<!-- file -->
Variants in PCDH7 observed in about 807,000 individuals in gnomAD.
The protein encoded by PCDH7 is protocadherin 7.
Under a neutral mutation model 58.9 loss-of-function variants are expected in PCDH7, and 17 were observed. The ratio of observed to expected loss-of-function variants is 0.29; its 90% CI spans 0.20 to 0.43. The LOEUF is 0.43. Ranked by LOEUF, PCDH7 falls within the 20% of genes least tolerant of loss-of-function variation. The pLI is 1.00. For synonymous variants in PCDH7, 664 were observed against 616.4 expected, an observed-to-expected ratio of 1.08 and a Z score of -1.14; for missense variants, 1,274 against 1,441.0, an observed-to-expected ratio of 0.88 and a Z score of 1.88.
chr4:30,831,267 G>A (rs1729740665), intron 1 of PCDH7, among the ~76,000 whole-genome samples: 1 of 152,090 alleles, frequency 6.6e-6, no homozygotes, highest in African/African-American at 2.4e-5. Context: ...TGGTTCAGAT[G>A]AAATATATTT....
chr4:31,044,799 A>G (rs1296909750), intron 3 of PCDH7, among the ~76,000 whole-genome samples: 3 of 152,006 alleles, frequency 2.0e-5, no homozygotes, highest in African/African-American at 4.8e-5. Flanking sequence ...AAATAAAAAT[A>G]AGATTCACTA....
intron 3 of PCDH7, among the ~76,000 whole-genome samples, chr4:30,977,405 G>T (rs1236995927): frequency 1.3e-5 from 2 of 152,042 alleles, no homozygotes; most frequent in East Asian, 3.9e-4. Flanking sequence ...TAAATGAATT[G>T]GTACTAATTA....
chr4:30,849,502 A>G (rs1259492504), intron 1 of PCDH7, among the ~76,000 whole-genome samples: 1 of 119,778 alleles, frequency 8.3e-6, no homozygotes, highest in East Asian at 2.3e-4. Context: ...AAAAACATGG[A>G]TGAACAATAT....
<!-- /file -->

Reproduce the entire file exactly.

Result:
Variants in PCDH7 observed in about 807,000 individuals in gnomAD.
The protein encoded by PCDH7 is protocadherin 7.
Under a neutral mutation model 58.9 loss-of-function variants are expected in PCDH7, and 17 were observed. The ratio of observed to expected loss-of-function variants is 0.29; its 90% CI spans 0.20 to 0.43. The LOEUF is 0.43. Ranked by LOEUF, PCDH7 falls within the 20% of genes least tolerant of loss-of-function variation. The pLI is 1.00. For synonymous variants in PCDH7, 664 were observed against 616.4 expected, an observed-to-expected ratio of 1.08 and a Z score of -1.14; for missense variants, 1,274 against 1,441.0, an observed-to-expected ratio of 0.88 and a Z score of 1.88.
chr4:30,831,267 G>A (rs1729740665), intron 1 of PCDH7, among the ~76,000 whole-genome samples: 1 of 152,090 alleles, frequency 6.6e-6, no homozygotes, highest in African/African-American at 2.4e-5. Context: ...TGGTTCAGAT[G>A]AAATATATTT....
chr4:31,044,799 A>G (rs1296909750), intron 3 of PCDH7, among the ~76,000 whole-genome samples: 3 of 152,006 alleles, frequency 2.0e-5, no homozygotes, highest in African/African-American at 4.8e-5. Flanking sequence ...AAATAAAAAT[A>G]AGATTCACTA....
intron 3 of PCDH7, among the ~76,000 whole-genome samples, chr4:30,977,405 G>T (rs1236995927): frequency 1.3e-5 from 2 of 152,042 alleles, no homozygotes; most frequent in East Asian, 3.9e-4. Flanking sequence ...TAAATGAATT[G>T]GTACTAATTA....
chr4:30,849,502 A>G (rs1259492504), intron 1 of PCDH7, among the ~76,000 whole-genome samples: 1 of 119,778 alleles, frequency 8.3e-6, no homozygotes, highest in East Asian at 2.3e-4. Context: ...AAAAACATGG[A>G]TGAACAATAT....